Thought this might be of interests and I would love to hear your input.
(I have two gyms that I belong to, one that is for hard core BBing, and the other for the masses and swimmers)
Should I consider these for those sick days@ home work outs?!?
Creating an at-home gym can be affordable and easy—especially when you don't spend big bucks on bulky treadmills and weight machines! With just a few small pieces of equipment and your own body mass, you can get a toning, calorie-burning workout without leaving the house. WD spoke with personal trainers to get their must-have home exercise items, favorite fitness routines and useful tips. Find out how you can make your at-home sweat sessions a success.
“Jumping rope is great for a full-body cardio workout and even better for fat burn,” says Bonnie Matthews, fitness trainer and contributor to Oz Blog, the blog for Dr. Mehmet Oz's website. Not only are jump ropes inexpensive (they range anywhere from $4 to $30), but you can do all sorts of interval training with them, too. For an intense workout, Matthews suggests you “jump hard and fast for two minutes, drop and do push-ups for one minute, then burst right back up and do two more minutes of hard jumping." Do at least two or three sets, eventually building up to more. Jump ropes are also great if you travel a lot, since you can just throw one in your suitcase, according to Gina Harney, personal trainer, nutritional advisor and blogger at The Fitnessista.
Workout mats offer great cushioning for your body while you’re exercising, and can be purchased for under $20. “An exercise mat makes great padding for your back during crunches and for your knees during push-ups,” says Ryan Karnes, fitness supervisor at Texas Health Fitness Center. They're also great for floor-based workouts such as yoga and Pilates. To keep your mat in tip-top shape, clean it with one part lemon juice mixed with two parts water. "It disinfects the mat and leaves it smelling nice without damaging the nonstick surface,” Harney says.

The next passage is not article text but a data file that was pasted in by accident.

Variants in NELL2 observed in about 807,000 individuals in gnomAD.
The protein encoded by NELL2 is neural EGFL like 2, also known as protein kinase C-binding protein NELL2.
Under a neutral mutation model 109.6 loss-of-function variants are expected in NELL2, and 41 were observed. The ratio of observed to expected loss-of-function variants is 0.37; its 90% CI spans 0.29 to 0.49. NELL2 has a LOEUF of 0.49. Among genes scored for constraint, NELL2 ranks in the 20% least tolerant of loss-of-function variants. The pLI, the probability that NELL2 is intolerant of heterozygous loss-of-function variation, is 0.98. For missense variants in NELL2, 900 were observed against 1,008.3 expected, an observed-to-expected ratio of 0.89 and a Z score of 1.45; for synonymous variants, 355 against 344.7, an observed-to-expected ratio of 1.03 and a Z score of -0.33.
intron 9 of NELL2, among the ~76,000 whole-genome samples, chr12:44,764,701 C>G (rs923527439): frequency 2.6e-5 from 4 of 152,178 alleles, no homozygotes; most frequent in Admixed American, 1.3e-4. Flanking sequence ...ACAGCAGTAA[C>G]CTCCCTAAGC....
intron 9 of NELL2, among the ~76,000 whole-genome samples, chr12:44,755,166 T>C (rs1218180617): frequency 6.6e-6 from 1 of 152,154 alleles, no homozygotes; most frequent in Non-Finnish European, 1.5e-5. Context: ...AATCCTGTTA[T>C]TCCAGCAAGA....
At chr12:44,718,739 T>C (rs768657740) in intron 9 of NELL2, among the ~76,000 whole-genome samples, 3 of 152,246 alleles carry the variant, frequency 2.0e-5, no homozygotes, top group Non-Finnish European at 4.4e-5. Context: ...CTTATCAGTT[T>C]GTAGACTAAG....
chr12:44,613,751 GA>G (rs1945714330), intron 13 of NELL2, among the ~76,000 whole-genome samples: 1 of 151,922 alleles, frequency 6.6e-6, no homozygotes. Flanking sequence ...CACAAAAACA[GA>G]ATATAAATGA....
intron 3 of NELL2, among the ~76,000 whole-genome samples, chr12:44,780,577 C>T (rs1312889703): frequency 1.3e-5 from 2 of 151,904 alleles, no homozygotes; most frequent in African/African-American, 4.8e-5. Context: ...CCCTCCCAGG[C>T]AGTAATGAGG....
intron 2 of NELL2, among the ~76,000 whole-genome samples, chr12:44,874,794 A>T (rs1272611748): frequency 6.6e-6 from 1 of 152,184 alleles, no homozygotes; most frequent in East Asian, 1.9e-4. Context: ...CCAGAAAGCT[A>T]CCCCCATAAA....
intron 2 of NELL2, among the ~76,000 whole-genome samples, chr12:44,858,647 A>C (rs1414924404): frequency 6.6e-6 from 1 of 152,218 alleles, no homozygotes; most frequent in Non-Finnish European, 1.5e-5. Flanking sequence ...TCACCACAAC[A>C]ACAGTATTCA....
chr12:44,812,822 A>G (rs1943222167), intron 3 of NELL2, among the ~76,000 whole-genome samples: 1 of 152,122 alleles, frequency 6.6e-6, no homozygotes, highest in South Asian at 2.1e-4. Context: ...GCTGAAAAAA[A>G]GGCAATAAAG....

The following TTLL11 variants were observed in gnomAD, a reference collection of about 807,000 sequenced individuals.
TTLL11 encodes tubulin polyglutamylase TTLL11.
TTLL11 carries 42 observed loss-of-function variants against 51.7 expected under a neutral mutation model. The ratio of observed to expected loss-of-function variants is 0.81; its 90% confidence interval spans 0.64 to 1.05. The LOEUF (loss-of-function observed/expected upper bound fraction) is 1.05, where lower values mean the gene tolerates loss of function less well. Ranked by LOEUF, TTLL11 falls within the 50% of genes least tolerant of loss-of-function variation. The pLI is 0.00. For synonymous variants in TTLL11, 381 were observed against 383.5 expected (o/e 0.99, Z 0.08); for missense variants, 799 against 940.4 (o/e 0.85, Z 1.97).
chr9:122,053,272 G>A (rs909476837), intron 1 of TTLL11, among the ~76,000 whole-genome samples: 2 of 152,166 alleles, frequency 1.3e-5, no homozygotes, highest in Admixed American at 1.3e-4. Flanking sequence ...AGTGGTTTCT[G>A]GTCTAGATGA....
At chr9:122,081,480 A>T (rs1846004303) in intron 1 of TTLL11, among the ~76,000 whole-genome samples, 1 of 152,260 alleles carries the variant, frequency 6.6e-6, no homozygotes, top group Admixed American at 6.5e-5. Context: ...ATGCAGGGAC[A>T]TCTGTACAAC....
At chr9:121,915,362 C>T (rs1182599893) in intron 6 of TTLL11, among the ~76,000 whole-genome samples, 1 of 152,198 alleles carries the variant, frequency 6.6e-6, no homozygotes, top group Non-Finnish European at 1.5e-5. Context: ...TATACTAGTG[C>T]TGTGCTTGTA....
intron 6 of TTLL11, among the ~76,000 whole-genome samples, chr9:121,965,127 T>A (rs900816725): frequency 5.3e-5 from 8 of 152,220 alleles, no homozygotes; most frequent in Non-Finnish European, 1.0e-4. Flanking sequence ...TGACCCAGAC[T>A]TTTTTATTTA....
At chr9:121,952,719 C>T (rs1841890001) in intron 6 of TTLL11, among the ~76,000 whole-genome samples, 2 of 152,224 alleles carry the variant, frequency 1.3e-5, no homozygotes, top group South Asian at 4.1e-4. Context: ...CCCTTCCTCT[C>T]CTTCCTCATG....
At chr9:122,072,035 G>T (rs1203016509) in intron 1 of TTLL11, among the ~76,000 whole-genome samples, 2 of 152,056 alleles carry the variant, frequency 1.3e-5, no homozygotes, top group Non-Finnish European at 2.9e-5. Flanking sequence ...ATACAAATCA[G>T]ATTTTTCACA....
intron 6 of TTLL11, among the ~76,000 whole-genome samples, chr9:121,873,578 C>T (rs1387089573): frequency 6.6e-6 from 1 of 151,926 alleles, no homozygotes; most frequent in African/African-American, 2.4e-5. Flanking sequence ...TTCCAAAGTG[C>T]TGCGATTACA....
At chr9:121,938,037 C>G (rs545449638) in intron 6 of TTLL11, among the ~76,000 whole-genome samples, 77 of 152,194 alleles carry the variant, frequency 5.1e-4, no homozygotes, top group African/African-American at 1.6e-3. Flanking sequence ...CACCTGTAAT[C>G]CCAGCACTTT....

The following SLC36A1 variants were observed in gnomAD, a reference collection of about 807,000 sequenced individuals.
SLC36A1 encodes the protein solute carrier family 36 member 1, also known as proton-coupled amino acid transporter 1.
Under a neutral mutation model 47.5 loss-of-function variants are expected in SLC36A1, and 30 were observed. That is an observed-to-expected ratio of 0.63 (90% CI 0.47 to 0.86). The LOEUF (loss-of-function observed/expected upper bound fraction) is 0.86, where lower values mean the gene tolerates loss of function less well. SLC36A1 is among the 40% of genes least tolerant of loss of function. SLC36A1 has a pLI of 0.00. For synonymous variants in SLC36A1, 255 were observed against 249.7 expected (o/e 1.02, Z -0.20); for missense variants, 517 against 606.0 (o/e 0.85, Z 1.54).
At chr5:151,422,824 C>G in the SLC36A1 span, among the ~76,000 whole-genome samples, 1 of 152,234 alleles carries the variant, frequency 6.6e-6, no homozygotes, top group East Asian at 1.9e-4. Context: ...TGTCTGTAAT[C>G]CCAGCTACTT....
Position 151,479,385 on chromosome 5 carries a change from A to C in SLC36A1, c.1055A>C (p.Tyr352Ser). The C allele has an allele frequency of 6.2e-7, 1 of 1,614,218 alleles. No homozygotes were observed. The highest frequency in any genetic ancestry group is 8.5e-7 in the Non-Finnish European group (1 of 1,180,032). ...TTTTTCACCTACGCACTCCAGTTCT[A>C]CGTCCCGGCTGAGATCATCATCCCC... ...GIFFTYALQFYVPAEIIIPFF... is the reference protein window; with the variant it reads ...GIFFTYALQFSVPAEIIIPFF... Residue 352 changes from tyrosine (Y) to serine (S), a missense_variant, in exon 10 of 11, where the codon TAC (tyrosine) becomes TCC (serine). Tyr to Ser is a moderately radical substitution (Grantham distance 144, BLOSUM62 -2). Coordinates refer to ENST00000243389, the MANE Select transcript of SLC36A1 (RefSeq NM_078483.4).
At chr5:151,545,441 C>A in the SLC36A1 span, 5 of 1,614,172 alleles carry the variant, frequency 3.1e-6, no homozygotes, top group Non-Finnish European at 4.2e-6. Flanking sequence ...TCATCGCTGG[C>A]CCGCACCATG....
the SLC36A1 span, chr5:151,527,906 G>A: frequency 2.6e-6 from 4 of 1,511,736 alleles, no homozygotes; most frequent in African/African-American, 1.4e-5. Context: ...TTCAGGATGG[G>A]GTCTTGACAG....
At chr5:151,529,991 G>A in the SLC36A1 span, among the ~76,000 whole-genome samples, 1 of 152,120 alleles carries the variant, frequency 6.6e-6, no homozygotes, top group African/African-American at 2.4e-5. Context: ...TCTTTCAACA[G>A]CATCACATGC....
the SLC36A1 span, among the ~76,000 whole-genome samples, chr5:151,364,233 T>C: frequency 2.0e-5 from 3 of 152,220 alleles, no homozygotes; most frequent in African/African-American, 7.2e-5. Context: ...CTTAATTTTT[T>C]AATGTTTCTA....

The great thing about dumbbells is that no matter what your fitness level, you can choose the right amount of weight for yourself. Available in a wide range of prices, shapes, sizes and weights, dumbbells can be included in many types of strength-training exercises. “They offer great resistance and engage all the stabilizer muscles. Try lateral raises, dumbbell bench presses, overhead triceps presses, curls, overhead shoulder presses and lunges with weights,” Karnes suggests.
Resistance bands are unique in that you can use them to perform exercises you would normally do with machines and free weights at the gym. “They offer resistance instead of momentum, and using bands protects the joints more than dumbbells,” Karnes says. They’re only about $10 to $30 and you can perform biceps curls, chest presses, triceps kick-backs, shoulder shrugs and so much more.
Foam rollers are great for relaxing and massaging your muscles. “A foam roller is one of the best investments you can make for injury prevention,” Harney says. “It’s called the ‘poor man’s massage’ because it’s inexpensive and provides the same benefits for a fraction of the price.” Ranging anywhere from $10 to $40 depending on thickness and size, it can relieve tight body parts such as the buttocks (gluteal and piriformis muscles) and leg muscles (iliotibial band, quadriceps, hamstrings and calves). Karnes even recommends “stepping on it to do calf raises and using it for abdominal exercises, as well.”
Exercise balls average around $20 and are great for engaging the core muscles. “Anything you do [on your back] such as chest presses and triceps extensions can be done with an exercise ball, which will target your core muscles as you work to stabilize,” Harney says. Looking for a great way to spice up your traditional abdominal workout? “Incorporate dumbbell exercises such as bench presses or ball squats,” Karnes suggests
Exercises utilizing your own body weight, like push-ups, require no equipment at all. Matthews says other examples of exercises you can do just using your body weight include planks, crunches and squats. Harney’s favorite full-body workout? Jog in place for one minute, do jumping squats for 30 seconds, regular squats for 30 seconds, wall or full push-ups for 30 seconds, plank for 45 seconds, burpees for 45 seconds, calf raises for 30 seconds then alternating lunges for one minute. Repeat one to two times, two to three times per week.
Training is everything. The peach was once a bitter almond; cauliflower is nothing but Cabbage with a College Education.